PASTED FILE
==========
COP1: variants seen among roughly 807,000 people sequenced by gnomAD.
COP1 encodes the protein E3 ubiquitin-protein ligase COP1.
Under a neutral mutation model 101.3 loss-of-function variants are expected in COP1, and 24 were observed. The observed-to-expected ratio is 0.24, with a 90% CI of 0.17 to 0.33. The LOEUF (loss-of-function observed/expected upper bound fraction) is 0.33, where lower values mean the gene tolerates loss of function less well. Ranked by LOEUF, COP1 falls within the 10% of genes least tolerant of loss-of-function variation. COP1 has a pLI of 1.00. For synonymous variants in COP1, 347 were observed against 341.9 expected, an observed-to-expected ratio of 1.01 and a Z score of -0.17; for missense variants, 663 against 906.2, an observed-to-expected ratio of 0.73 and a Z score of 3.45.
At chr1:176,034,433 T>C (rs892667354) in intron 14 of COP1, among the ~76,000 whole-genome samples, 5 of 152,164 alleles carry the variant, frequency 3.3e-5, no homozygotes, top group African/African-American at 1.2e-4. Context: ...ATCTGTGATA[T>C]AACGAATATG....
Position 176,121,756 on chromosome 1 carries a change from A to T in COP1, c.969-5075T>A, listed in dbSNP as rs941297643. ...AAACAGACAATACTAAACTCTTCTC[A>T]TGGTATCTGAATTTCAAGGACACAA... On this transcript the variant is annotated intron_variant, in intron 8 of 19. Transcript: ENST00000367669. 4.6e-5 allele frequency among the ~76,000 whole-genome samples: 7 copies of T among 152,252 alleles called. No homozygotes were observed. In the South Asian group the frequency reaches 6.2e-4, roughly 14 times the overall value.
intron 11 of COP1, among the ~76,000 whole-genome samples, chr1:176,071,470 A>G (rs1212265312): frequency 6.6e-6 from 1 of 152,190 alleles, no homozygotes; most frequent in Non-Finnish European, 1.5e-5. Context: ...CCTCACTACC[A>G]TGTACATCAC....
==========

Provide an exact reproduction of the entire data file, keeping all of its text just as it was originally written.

COP1: variants seen among roughly 807,000 people sequenced by gnomAD.
COP1 encodes the protein E3 ubiquitin-protein ligase COP1.
Under a neutral mutation model 101.3 loss-of-function variants are expected in COP1, and 24 were observed. The observed-to-expected ratio is 0.24, with a 90% CI of 0.17 to 0.33. The LOEUF (loss-of-function observed/expected upper bound fraction) is 0.33, where lower values mean the gene tolerates loss of function less well. Ranked by LOEUF, COP1 falls within the 10% of genes least tolerant of loss-of-function variation. COP1 has a pLI of 1.00. For synonymous variants in COP1, 347 were observed against 341.9 expected, an observed-to-expected ratio of 1.01 and a Z score of -0.17; for missense variants, 663 against 906.2, an observed-to-expected ratio of 0.73 and a Z score of 3.45.
At chr1:176,034,433 T>C (rs892667354) in intron 14 of COP1, among the ~76,000 whole-genome samples, 5 of 152,164 alleles carry the variant, frequency 3.3e-5, no homozygotes, top group African/African-American at 1.2e-4. Context: ...ATCTGTGATA[T>C]AACGAATATG....
Position 176,121,756 on chromosome 1 carries a change from A to T in COP1, c.969-5075T>A, listed in dbSNP as rs941297643. ...AAACAGACAATACTAAACTCTTCTC[A>T]TGGTATCTGAATTTCAAGGACACAA... On this transcript the variant is annotated intron_variant, in intron 8 of 19. Transcript: ENST00000367669. 4.6e-5 allele frequency among the ~76,000 whole-genome samples: 7 copies of T among 152,252 alleles called. No homozygotes were observed. In the South Asian group the frequency reaches 6.2e-4, roughly 14 times the overall value.
intron 11 of COP1, among the ~76,000 whole-genome samples, chr1:176,071,470 A>G (rs1212265312): frequency 6.6e-6 from 1 of 152,190 alleles, no homozygotes; most frequent in Non-Finnish European, 1.5e-5. Context: ...CCTCACTACC[A>G]TGTACATCAC....